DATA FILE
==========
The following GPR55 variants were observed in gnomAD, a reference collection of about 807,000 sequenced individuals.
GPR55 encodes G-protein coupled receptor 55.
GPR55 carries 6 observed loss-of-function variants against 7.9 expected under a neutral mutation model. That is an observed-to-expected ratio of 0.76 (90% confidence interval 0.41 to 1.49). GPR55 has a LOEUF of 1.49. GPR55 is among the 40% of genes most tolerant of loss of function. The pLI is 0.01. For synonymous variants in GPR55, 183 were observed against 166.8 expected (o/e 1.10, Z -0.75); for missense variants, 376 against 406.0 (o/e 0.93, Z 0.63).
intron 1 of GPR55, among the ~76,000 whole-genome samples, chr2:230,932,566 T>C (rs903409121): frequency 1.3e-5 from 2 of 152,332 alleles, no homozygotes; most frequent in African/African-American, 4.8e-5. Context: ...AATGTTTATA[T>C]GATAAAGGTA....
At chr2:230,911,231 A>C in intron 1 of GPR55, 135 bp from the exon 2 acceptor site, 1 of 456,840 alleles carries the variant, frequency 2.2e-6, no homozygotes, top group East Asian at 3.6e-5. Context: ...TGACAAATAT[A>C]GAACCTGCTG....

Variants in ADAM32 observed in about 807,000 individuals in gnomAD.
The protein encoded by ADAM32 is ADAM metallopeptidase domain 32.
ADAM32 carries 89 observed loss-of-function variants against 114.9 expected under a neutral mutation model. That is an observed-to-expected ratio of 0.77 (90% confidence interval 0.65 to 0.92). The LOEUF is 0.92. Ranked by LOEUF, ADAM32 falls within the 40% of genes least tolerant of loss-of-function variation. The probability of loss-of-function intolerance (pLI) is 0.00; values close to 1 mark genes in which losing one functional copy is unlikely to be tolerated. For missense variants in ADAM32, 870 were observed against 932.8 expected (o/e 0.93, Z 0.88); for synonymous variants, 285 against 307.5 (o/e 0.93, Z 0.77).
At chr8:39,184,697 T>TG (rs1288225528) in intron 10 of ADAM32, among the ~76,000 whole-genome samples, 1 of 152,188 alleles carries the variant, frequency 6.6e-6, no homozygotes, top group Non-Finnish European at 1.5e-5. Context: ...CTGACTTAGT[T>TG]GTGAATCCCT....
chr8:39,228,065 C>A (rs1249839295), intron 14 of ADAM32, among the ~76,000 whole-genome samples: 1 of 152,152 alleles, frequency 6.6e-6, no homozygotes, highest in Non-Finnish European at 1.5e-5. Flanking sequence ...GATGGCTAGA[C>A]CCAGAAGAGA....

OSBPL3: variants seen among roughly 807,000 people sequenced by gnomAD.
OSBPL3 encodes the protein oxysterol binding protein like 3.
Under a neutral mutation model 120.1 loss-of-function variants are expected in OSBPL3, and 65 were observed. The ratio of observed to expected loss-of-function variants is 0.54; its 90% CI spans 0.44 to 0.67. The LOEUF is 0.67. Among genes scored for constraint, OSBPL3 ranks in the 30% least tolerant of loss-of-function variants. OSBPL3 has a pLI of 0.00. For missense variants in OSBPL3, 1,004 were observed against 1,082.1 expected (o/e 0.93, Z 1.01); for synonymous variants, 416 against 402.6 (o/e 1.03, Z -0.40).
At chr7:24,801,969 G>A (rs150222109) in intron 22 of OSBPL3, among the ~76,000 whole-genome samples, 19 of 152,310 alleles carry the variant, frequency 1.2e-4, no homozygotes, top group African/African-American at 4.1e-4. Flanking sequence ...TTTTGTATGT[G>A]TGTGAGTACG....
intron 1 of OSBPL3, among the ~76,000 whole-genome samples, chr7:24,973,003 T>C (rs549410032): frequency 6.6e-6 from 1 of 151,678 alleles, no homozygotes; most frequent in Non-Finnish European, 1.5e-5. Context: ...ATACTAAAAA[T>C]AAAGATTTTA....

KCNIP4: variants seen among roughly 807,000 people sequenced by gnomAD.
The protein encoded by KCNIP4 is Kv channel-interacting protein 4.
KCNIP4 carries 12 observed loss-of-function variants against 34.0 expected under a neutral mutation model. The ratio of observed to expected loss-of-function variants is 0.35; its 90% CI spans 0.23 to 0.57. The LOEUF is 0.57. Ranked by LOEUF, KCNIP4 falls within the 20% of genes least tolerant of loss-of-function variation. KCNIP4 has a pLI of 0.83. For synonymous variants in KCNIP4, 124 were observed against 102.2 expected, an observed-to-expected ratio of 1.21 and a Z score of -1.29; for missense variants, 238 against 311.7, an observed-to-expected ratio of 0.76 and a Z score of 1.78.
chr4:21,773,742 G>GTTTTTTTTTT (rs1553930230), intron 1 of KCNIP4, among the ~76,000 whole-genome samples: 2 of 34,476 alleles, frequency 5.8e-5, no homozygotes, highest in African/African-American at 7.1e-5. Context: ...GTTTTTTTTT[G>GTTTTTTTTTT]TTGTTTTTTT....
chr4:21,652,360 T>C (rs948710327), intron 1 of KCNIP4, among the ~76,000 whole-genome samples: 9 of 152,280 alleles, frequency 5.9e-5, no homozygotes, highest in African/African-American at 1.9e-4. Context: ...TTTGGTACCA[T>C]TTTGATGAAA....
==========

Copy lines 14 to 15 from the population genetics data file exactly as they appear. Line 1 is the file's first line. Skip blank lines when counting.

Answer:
At chr7:24,801,969 G>A (rs150222109) in intron 22 of OSBPL3, among the ~76,000 whole-genome samples, 19 of 152,310 alleles carry the variant, frequency 1.2e-4, no homozygotes, top group African/African-American at 4.1e-4. Flanking sequence ...TTTTGTATGT[G>A]TGTGAGTACG....
intron 1 of OSBPL3, among the ~76,000 whole-genome samples, chr7:24,973,003 T>C (rs549410032): frequency 6.6e-6 from 1 of 151,678 alleles, no homozygotes; most frequent in Non-Finnish European, 1.5e-5. Context: ...ATACTAAAAA[T>C]AAAGATTTTA....